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From Mormon Mom to Lesbian Mom: The Haunting

I am battling my own ghost.  How do you fight yourself?  You know all your best moves.  You know how she’ll react to any given situation.  And when you emerge the victor, have you actually won?  Because you just trashed yourself.

My ghost is beating me right now.  My 18-year-old son and I went on a walk last night.  He leaves for college in two days and I wanted his opinion on how to handle a situation with his 12-year-old sister.  We’re not communicating well and I can’t figure out how to fix it.  With four kids in total, I needed help.

“It sounds familiar, Mom,” he said.  “I think she’s at the point where I was just a few years ago.  I didn’t know how to communicate with you in a straightforward way.  I felt like I had to strategize and plan so that I wouldn’t get in trouble.  I think she hasn’t learned she doesn’t have to do that anymore.”

4 years ago I was a completely different person, and therefore, a totally different kind of mom and parent.  I was angry.  I was really angry.  It didn’t take much for my kids to set me off.  Or my husband.  Or my friends.  Or anything in my life.  

I didn’t just have a temper.  I had “righteous anger”.  I was sure that I was right, I was in control, I had figured life out.  If you were doing it a different way, that’s fine but don’t let it affect me.  Because I was right.  I knew the one, true way to live life and be a good person.

Let me be specific.  I knew how to make sure my daughters would grow up with morals: I dressed them modestly.  Even as babies they always had one-piece swimsuits and sleeves.  No daughter of mine would dress like a whore, even at 9 months old.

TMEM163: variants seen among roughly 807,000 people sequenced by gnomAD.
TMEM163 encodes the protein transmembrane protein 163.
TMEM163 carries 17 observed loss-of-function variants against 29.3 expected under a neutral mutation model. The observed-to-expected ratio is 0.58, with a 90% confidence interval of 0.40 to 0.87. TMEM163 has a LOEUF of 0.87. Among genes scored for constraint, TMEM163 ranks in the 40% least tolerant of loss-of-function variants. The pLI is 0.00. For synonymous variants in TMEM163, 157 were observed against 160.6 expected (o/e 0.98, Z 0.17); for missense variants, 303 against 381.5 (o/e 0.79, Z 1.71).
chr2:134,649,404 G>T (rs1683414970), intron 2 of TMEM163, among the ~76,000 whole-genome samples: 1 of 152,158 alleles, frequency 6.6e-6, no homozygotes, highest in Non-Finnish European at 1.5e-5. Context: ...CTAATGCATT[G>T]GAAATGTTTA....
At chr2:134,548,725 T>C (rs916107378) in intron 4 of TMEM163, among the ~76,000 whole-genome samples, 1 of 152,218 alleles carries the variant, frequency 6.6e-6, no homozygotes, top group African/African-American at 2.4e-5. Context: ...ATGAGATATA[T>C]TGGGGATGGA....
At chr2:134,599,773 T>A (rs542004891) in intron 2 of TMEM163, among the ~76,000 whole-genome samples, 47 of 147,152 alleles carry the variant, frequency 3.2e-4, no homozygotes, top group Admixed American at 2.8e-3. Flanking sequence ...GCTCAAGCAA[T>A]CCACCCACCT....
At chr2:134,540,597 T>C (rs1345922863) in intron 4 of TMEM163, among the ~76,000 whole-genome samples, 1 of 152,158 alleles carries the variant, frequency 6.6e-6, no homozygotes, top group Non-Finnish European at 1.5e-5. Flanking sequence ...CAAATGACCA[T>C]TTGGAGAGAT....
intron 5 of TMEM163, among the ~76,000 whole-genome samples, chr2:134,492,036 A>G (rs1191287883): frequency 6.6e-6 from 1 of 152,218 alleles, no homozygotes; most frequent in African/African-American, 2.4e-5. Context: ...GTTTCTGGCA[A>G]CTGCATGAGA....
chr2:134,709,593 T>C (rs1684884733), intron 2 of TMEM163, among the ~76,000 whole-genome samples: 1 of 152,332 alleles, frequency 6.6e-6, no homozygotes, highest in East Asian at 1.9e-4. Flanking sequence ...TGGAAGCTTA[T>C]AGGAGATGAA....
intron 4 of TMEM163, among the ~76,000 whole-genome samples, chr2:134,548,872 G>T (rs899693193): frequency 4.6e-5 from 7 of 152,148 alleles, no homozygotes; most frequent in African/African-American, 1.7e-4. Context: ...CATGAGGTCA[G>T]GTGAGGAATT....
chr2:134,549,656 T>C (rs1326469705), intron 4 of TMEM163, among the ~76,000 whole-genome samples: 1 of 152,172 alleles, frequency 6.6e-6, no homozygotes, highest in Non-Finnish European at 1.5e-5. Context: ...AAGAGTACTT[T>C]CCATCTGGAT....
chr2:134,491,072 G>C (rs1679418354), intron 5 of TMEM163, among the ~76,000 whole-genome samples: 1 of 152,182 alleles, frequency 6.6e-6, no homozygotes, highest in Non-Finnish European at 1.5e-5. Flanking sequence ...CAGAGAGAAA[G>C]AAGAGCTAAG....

I knew how to make sure my sons would know how to be a good man.  I pointed out every move their dad made, holding him up as this beacon of manhood perfection.  Do everything just like him: serve a mission for your church, get married at 22, work your fingers to the bone, assume you are right about everything because you probably are, you’ll have the priesthood.  Don’t let the world tell you what’s right and wrong because they’ll be wrong, and you’ll be led astray.  

I protected them from every evil in the world, as any good parent should.  No coffee or tea in the house (you could become addicted!), devices were locked down, even PG-13 movies were off-limits.  “We can’t risk that you’ll make the wrong decision, so I’ll make every moral decision for you.”  That was being a good parent, right?  No sexuality of any kind, no masturbating, no porn, nothing that even looks like porn if I squint my eyes.  Dad and I barely even kissed in front of you.  You don’t need to know anything about sexuality and sex and yourself.  You’ll figure it out with your spouse when you’re married for eternity at 22.  Don’t even think of it till then.  

Seriously, that was the ultimate dream.  That all four of them would be as pure as the driven snow till the day they were sealed in the Mormon temple for eternity.  “Till death do we part” is for suckers.

When my brother-in-law got his girlfriend pregnant before his mission and marriage, I was devastated.  I had known him since he was 14 and it felt like his life was ending.  I searched for a silver lining to offer my Thurston family that I loved so deeply.  “At least he’s not gay,” I told them.  “At least they can still go to the temple if they work hard.”  Everyone agreed and held on to that hope.  

And that’s the bitch of it. Surprise!  Turns out I, me, as in Elena Joy Thurston, these four kids’ MOTHER, am very gay.  And another surprise!  Turns out when I’m living my truth and not hating myself for it, I’m not angry.